Perhaps the cruellest cut of all

COMMENT: Going above and beyond is all in a day’s work at QA

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Last week brought the news vulnerable people living in Portsmouth will be dealt a fresh blow as another support service on which they rely faces an uncertain future.

Portsmouth Interaction, which helps those with a mental illness to get healthy and do exercise, is overseen by the city council.

But in the light of more cutbacks being required, the council says it has no choice but to slash the budget in areas which are important.

Whatever sector they cut their spending in it will affect a substantial amount of people.

Mental illness is a serious topic and is something of which we should all be aware.

At some point in our lives we will know, or will have to co-operate with, someone suffering from a mental illness.

And it is vital those who need the support receive it.

I think it is also useful for those who do not have any issue mentally to understand those who do.

Although with the continued pressure by the government on local councils it is understandably impossible to avoid cuts in any area.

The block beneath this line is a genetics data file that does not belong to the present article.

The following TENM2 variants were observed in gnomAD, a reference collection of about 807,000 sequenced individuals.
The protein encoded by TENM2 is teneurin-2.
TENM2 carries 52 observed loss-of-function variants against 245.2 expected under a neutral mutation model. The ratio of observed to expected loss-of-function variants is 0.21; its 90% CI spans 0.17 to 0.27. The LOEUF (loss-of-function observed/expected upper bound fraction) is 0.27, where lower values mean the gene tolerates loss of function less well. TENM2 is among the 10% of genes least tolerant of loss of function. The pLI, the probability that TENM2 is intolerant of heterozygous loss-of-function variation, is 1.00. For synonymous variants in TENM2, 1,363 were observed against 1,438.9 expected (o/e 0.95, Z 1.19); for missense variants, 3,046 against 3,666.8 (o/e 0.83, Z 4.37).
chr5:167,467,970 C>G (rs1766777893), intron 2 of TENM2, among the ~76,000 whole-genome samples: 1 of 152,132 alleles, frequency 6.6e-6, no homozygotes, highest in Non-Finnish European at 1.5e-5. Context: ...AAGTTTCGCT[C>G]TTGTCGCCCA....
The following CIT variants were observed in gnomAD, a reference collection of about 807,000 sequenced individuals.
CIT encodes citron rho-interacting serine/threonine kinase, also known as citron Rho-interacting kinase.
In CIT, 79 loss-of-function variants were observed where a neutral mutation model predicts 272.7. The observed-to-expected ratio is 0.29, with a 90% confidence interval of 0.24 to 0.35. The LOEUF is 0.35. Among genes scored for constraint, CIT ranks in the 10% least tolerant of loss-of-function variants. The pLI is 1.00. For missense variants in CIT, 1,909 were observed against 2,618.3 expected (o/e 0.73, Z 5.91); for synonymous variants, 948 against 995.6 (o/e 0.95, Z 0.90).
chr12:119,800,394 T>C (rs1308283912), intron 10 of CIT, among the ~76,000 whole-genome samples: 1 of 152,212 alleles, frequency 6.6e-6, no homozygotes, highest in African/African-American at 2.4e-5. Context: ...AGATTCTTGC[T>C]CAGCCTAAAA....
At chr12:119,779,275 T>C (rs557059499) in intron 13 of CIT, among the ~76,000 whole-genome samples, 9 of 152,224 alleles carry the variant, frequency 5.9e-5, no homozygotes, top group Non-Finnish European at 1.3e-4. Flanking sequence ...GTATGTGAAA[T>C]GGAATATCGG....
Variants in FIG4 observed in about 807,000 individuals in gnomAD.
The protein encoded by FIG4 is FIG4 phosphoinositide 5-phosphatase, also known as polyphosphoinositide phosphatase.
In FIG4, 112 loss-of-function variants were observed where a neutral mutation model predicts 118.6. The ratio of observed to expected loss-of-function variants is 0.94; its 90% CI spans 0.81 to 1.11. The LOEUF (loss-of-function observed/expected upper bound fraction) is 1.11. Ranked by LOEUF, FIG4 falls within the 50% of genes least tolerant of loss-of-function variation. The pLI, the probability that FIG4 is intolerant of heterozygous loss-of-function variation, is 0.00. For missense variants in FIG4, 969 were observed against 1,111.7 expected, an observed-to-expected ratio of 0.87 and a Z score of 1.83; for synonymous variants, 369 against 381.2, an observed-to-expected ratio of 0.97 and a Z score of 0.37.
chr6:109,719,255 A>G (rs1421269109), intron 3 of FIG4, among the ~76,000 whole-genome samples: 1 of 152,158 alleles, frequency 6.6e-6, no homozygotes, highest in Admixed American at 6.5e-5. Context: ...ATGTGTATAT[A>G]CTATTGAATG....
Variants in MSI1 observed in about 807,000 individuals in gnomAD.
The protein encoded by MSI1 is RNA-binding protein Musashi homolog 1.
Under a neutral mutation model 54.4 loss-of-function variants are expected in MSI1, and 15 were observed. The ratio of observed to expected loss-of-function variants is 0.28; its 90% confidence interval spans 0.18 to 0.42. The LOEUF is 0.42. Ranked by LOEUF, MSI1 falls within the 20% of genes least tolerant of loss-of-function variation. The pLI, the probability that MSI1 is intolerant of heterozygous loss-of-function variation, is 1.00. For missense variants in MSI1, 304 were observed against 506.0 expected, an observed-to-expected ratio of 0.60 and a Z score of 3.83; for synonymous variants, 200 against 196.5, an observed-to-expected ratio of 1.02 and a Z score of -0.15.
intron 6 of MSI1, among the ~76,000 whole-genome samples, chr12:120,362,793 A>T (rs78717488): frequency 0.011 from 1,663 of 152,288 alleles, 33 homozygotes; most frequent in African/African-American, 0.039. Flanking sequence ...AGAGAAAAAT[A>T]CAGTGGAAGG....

We could protest with placards and continue to argue that spending little money on this area is wrong... however we wouldn’t get far.

It was recently announced that the local authority stopped spending money on Portsmouth Mind, one of the city’s longest-running mental health charities.

As a result of this it began the process of closing in December having no more cash to spend on its services.

Moreover, let’s not forget the cuts to national mental health services.

The charities and organisations cannot simply run on fundraising and donations alone. They are consumed in supporting those who need the help and should continue to have funding from the council.

But apparently it is just not feasible.

Seeing the investment into these mental health support services being cut back is heartbreaking. I have met people with depression, anxiety, bipolar and other illnesses and through that have fully understood the importance of the support they have.

So to think they will no longer have as much, if any, support at all frustrates me incredibly.

Yes, our economy is developing. Yes, I understand we need to pay off debt. But surely a person’s health should be a priority? Clearly some people have more important things to prioritise.

The decision that has been made to save money will potentially be life-changing for thousands across our community.